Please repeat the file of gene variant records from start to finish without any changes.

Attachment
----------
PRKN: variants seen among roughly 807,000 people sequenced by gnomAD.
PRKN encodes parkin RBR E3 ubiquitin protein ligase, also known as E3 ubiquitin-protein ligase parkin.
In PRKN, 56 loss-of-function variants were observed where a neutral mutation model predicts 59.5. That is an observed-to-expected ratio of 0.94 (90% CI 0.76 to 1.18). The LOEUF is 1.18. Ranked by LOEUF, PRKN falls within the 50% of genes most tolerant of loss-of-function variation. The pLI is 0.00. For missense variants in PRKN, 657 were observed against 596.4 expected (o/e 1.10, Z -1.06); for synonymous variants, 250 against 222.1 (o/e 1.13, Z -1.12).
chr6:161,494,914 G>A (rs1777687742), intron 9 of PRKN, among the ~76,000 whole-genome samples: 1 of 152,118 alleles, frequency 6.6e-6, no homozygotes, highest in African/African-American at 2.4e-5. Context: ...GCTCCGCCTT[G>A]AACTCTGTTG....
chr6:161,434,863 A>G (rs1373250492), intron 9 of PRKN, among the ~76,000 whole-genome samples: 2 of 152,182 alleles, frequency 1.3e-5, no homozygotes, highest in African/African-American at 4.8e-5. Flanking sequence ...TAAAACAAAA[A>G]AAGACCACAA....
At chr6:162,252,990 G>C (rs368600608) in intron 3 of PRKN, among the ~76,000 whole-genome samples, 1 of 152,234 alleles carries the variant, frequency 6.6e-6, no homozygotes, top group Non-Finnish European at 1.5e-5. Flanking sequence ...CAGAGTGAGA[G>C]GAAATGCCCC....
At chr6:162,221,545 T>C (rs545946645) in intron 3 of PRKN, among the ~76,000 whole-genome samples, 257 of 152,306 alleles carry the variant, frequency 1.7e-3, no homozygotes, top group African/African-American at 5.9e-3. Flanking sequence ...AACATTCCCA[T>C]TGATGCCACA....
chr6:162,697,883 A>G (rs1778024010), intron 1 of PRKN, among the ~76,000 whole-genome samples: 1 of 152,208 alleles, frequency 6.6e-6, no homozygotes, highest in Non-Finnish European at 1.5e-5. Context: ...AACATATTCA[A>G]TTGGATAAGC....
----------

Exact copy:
PRKN: variants seen among roughly 807,000 people sequenced by gnomAD.
PRKN encodes parkin RBR E3 ubiquitin protein ligase, also known as E3 ubiquitin-protein ligase parkin.
In PRKN, 56 loss-of-function variants were observed where a neutral mutation model predicts 59.5. That is an observed-to-expected ratio of 0.94 (90% CI 0.76 to 1.18). The LOEUF is 1.18. Ranked by LOEUF, PRKN falls within the 50% of genes most tolerant of loss-of-function variation. The pLI is 0.00. For missense variants in PRKN, 657 were observed against 596.4 expected (o/e 1.10, Z -1.06); for synonymous variants, 250 against 222.1 (o/e 1.13, Z -1.12).
chr6:161,494,914 G>A (rs1777687742), intron 9 of PRKN, among the ~76,000 whole-genome samples: 1 of 152,118 alleles, frequency 6.6e-6, no homozygotes, highest in African/African-American at 2.4e-5. Context: ...GCTCCGCCTT[G>A]AACTCTGTTG....
chr6:161,434,863 A>G (rs1373250492), intron 9 of PRKN, among the ~76,000 whole-genome samples: 2 of 152,182 alleles, frequency 1.3e-5, no homozygotes, highest in African/African-American at 4.8e-5. Flanking sequence ...TAAAACAAAA[A>G]AAGACCACAA....
At chr6:162,252,990 G>C (rs368600608) in intron 3 of PRKN, among the ~76,000 whole-genome samples, 1 of 152,234 alleles carries the variant, frequency 6.6e-6, no homozygotes, top group Non-Finnish European at 1.5e-5. Flanking sequence ...CAGAGTGAGA[G>C]GAAATGCCCC....
At chr6:162,221,545 T>C (rs545946645) in intron 3 of PRKN, among the ~76,000 whole-genome samples, 257 of 152,306 alleles carry the variant, frequency 1.7e-3, no homozygotes, top group African/African-American at 5.9e-3. Flanking sequence ...AACATTCCCA[T>C]TGATGCCACA....
chr6:162,697,883 A>G (rs1778024010), intron 1 of PRKN, among the ~76,000 whole-genome samples: 1 of 152,208 alleles, frequency 6.6e-6, no homozygotes, highest in Non-Finnish European at 1.5e-5. Context: ...AACATATTCA[A>G]TTGGATAAGC....